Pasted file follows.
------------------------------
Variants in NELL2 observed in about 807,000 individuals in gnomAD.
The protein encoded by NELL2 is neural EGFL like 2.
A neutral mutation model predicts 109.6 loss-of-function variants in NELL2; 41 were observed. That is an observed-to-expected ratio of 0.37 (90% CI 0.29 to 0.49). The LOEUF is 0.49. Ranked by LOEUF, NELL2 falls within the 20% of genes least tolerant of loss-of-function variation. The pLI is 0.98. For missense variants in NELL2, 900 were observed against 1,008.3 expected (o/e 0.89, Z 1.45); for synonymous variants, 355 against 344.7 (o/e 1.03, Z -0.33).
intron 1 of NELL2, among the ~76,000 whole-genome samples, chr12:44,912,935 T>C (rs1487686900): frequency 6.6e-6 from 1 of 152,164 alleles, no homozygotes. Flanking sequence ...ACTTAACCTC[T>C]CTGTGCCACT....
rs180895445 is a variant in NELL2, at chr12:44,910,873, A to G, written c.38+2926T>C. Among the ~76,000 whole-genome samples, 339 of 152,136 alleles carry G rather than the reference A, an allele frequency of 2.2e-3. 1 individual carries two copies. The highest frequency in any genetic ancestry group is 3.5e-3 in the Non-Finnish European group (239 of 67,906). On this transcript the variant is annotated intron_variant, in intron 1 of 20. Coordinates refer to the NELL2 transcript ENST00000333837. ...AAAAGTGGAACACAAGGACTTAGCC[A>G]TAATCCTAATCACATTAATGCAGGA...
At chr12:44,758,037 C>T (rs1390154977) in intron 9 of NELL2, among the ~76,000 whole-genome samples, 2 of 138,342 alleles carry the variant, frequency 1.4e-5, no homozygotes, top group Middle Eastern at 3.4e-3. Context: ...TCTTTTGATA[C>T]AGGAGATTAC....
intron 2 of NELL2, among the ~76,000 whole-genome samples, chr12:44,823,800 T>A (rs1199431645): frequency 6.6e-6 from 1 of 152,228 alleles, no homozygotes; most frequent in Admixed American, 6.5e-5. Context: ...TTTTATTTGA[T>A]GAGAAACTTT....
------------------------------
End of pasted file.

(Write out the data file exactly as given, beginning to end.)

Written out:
Variants in NELL2 observed in about 807,000 individuals in gnomAD.
The protein encoded by NELL2 is neural EGFL like 2.
A neutral mutation model predicts 109.6 loss-of-function variants in NELL2; 41 were observed. That is an observed-to-expected ratio of 0.37 (90% CI 0.29 to 0.49). The LOEUF is 0.49. Ranked by LOEUF, NELL2 falls within the 20% of genes least tolerant of loss-of-function variation. The pLI is 0.98. For missense variants in NELL2, 900 were observed against 1,008.3 expected (o/e 0.89, Z 1.45); for synonymous variants, 355 against 344.7 (o/e 1.03, Z -0.33).
intron 1 of NELL2, among the ~76,000 whole-genome samples, chr12:44,912,935 T>C (rs1487686900): frequency 6.6e-6 from 1 of 152,164 alleles, no homozygotes. Flanking sequence ...ACTTAACCTC[T>C]CTGTGCCACT....
rs180895445 is a variant in NELL2, at chr12:44,910,873, A to G, written c.38+2926T>C. Among the ~76,000 whole-genome samples, 339 of 152,136 alleles carry G rather than the reference A, an allele frequency of 2.2e-3. 1 individual carries two copies. The highest frequency in any genetic ancestry group is 3.5e-3 in the Non-Finnish European group (239 of 67,906). On this transcript the variant is annotated intron_variant, in intron 1 of 20. Coordinates refer to the NELL2 transcript ENST00000333837. ...AAAAGTGGAACACAAGGACTTAGCC[A>G]TAATCCTAATCACATTAATGCAGGA...
At chr12:44,758,037 C>T (rs1390154977) in intron 9 of NELL2, among the ~76,000 whole-genome samples, 2 of 138,342 alleles carry the variant, frequency 1.4e-5, no homozygotes, top group Middle Eastern at 3.4e-3. Context: ...TCTTTTGATA[C>T]AGGAGATTAC....
intron 2 of NELL2, among the ~76,000 whole-genome samples, chr12:44,823,800 T>A (rs1199431645): frequency 6.6e-6 from 1 of 152,228 alleles, no homozygotes; most frequent in Admixed American, 6.5e-5. Context: ...TTTTATTTGA[T>A]GAGAAACTTT....